Belfast Telegraph

Cabbie to the rescue of 'stranded' north Belfast primary school pupils

By Dave Whelan

Cabbie to the rescue of 'stranded' pupils

A local taxi firm has had to come to the rescue of up to 30 primary school children in north Belfast after they were left "stranded" by Translink.

Pupils at Cliftonville Integrated Primary School have had to avail of a rescue package set up by the parent of a primary six pupil and manager of Standard Taxis John Millar, after their only available bus service was cut with just a week's notice.

The service which accommodated children from the Shankill area was scrapped after Translink deemed it unsustainable due to low passenger numbers.

Parent concern had been raised for the safety of the children, who use the route to negotiate an interface area, amid heightened tensions in recent months.

Last year, the bus taking the children to and from school was attacked at least four times and parents have had to take to walking daily alternate routes to avoid being recognised and targeted.

This week a rescue package was launched by Standard Taxis' owner Jim Anderson after he was told of the situation by Mr Millar.

"My son is nine-years-old and I know how vital the service was to getting him to and from school and it was a real shock to hear that Translink were just doing away with the service with next to know notice," said Mr Millar.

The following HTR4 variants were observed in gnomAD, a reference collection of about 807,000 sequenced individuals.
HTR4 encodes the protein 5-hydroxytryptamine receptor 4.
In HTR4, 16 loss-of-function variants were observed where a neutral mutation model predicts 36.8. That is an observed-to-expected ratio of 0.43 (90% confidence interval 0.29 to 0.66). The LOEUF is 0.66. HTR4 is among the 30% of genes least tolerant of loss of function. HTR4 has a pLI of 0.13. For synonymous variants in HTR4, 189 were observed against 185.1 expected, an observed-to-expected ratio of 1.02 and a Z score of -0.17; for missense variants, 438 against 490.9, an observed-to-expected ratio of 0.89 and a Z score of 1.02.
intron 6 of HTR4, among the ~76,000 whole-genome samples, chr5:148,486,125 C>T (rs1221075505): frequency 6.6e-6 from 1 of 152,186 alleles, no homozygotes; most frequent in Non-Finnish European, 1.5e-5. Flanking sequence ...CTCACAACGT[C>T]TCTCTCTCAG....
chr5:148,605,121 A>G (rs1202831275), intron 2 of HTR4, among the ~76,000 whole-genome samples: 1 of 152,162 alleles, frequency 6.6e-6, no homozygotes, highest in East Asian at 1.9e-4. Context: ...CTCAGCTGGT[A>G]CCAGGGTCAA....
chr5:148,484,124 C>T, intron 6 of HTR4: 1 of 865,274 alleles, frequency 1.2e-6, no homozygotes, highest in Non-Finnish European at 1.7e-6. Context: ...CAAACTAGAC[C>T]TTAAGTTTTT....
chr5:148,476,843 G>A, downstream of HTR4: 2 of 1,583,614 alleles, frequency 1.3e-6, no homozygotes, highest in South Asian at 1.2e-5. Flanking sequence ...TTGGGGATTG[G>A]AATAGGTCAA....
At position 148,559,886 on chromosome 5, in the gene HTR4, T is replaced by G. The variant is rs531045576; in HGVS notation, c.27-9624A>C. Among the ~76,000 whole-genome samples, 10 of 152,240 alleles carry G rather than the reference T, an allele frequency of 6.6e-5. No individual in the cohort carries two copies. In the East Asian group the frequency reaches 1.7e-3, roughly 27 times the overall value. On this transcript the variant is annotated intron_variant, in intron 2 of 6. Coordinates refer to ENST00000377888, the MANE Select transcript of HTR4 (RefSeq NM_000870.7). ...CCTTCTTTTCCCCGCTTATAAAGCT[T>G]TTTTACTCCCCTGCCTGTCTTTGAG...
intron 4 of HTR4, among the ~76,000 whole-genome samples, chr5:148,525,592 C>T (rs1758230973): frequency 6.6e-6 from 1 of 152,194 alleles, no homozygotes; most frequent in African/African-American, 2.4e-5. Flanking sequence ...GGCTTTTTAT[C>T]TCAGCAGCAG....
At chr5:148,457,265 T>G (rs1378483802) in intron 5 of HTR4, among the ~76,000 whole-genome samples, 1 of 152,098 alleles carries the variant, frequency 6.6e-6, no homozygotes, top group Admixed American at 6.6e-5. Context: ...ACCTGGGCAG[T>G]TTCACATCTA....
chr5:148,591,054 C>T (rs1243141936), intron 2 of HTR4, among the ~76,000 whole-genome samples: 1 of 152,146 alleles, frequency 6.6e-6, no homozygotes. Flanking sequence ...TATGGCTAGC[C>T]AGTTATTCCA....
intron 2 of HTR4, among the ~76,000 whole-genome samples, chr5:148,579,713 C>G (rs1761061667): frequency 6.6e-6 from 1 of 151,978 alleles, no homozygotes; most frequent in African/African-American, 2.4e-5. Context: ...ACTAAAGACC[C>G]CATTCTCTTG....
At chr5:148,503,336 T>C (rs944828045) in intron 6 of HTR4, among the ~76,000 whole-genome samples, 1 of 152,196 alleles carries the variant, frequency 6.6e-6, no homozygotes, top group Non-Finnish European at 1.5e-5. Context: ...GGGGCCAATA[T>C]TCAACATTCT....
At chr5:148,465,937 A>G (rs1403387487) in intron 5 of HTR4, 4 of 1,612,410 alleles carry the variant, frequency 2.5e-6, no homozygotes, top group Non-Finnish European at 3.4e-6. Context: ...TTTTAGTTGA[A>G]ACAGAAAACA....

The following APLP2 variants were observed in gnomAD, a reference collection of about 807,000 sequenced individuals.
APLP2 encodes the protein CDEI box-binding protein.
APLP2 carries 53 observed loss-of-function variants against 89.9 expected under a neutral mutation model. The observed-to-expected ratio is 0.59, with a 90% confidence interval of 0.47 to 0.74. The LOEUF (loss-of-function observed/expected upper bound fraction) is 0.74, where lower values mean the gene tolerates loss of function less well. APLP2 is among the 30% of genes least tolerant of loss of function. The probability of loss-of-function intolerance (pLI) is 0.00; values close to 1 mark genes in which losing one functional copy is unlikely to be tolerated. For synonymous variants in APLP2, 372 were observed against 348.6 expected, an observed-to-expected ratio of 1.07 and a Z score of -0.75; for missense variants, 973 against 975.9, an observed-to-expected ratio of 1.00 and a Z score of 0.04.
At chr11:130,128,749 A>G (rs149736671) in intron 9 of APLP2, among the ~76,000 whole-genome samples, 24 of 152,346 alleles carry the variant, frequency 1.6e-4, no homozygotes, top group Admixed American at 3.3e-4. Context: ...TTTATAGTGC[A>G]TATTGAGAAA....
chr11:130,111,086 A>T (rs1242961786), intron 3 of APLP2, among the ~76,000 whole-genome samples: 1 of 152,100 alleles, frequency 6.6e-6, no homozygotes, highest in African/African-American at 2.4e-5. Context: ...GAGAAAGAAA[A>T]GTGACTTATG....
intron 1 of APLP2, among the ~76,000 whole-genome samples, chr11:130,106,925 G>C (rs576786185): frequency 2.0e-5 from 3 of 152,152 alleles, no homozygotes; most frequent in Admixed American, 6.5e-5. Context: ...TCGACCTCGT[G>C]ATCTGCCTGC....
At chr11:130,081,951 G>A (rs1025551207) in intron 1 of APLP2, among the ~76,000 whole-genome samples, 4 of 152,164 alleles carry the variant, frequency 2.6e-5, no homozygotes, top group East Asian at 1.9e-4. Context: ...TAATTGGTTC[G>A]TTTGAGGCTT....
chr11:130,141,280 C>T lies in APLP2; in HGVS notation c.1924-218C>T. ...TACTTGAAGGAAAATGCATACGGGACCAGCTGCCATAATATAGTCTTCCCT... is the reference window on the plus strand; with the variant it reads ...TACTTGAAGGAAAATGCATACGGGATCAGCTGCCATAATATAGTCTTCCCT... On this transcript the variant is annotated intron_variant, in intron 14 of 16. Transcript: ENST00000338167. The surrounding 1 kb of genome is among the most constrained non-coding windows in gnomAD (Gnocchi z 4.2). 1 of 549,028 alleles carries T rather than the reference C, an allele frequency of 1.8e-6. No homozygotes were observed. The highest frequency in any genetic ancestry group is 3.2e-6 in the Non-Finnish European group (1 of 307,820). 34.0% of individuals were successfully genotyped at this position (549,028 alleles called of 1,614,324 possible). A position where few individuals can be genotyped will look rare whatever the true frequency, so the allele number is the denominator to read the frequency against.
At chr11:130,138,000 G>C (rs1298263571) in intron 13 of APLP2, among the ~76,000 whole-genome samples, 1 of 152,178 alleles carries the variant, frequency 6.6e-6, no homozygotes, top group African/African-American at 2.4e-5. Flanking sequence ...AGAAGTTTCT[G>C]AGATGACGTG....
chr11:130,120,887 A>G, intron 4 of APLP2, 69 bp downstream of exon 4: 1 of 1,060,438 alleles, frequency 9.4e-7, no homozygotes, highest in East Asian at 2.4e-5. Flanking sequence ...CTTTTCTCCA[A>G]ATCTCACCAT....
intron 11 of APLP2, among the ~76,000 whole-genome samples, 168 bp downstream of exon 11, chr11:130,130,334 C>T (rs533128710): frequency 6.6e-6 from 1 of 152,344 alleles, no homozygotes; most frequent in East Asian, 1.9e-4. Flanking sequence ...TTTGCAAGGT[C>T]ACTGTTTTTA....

"It's disappointing because it's a really good school and provides a good education as an integrated school. It's going to make it even more difficult for kids to access if there is no transport available to them.

"I talked with the owner of Standard and told him the situation and to his credit he was eager to help, as were the two drivers of the taxi-buses.

"A notice has been sent out to parents to let them know that there will be a service available for £1 a day. It's not ideal but at the end of the day its about getting the kids to and from school safely.

"The best case scenario for the everyone involved would be for the service to be put back on but until then were are working hard to build up a rapport with the children that are using the service and building their confidence in the drivers so that they feel safe when travelling to school."

The school's principal, Brenda McMullen, said she was angry at the lack of interaction from Translink before cutting the service.

"I understand that Translink are a business and they are taking a strictly statistical approach to this but how is it that our class sizes and pupil numbers are growing so significantly and yet they are cutting services?

"We've had next to no dialogue from them since an email was sent to say that the service was going. If they had talked to us we could have shown them that year on year our pupil numbers are growing and that next year there will be almost double the amount of children using the service as there is now."

A spokesperson for Translink said that they had engaged directly with all parties.

"We continually monitor all our bus services to ensure we operate as efficiently as possible.

"Unfortunately, due to consistently low passenger numbers this particular service was unsustainable.

"We have engaged directly with the school, parents, education and library board along with local representatives to discuss alternative transport arrangements.

"We will be happy to further discuss this matter directly with school representatives."

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